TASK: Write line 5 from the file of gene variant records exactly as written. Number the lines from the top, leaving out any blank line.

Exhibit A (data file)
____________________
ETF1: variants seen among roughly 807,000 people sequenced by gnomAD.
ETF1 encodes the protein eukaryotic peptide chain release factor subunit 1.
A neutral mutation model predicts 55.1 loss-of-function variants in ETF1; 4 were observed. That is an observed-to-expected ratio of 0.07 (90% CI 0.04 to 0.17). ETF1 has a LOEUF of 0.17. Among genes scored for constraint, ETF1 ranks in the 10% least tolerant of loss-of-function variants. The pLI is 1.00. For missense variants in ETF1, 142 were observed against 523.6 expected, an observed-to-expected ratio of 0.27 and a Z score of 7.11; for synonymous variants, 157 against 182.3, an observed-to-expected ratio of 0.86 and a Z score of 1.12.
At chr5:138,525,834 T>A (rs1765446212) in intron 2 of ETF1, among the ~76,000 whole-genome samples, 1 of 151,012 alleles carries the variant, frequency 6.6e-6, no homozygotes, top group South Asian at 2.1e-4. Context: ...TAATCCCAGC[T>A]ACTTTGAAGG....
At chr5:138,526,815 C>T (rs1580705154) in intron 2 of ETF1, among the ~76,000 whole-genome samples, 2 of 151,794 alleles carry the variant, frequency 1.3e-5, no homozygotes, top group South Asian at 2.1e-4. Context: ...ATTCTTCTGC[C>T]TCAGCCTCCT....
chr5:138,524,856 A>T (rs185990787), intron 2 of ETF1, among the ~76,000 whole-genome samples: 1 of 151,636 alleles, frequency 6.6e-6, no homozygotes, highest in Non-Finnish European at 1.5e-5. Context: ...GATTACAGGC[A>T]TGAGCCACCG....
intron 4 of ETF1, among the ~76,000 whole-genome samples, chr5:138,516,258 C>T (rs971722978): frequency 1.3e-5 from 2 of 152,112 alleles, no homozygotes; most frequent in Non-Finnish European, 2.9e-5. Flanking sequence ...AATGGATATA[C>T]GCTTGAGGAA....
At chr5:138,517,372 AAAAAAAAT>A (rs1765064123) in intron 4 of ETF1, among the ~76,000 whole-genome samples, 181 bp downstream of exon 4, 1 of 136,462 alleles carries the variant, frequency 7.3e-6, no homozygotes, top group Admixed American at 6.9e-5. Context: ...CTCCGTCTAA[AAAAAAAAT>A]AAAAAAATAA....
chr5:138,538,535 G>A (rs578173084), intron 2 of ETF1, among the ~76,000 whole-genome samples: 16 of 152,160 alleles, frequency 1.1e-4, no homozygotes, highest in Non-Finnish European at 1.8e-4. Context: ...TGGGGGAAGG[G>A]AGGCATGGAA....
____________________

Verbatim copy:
At chr5:138,526,815 C>T (rs1580705154) in intron 2 of ETF1, among the ~76,000 whole-genome samples, 2 of 151,794 alleles carry the variant, frequency 1.3e-5, no homozygotes, top group South Asian at 2.1e-4. Context: ...ATTCTTCTGC[C>T]TCAGCCTCCT....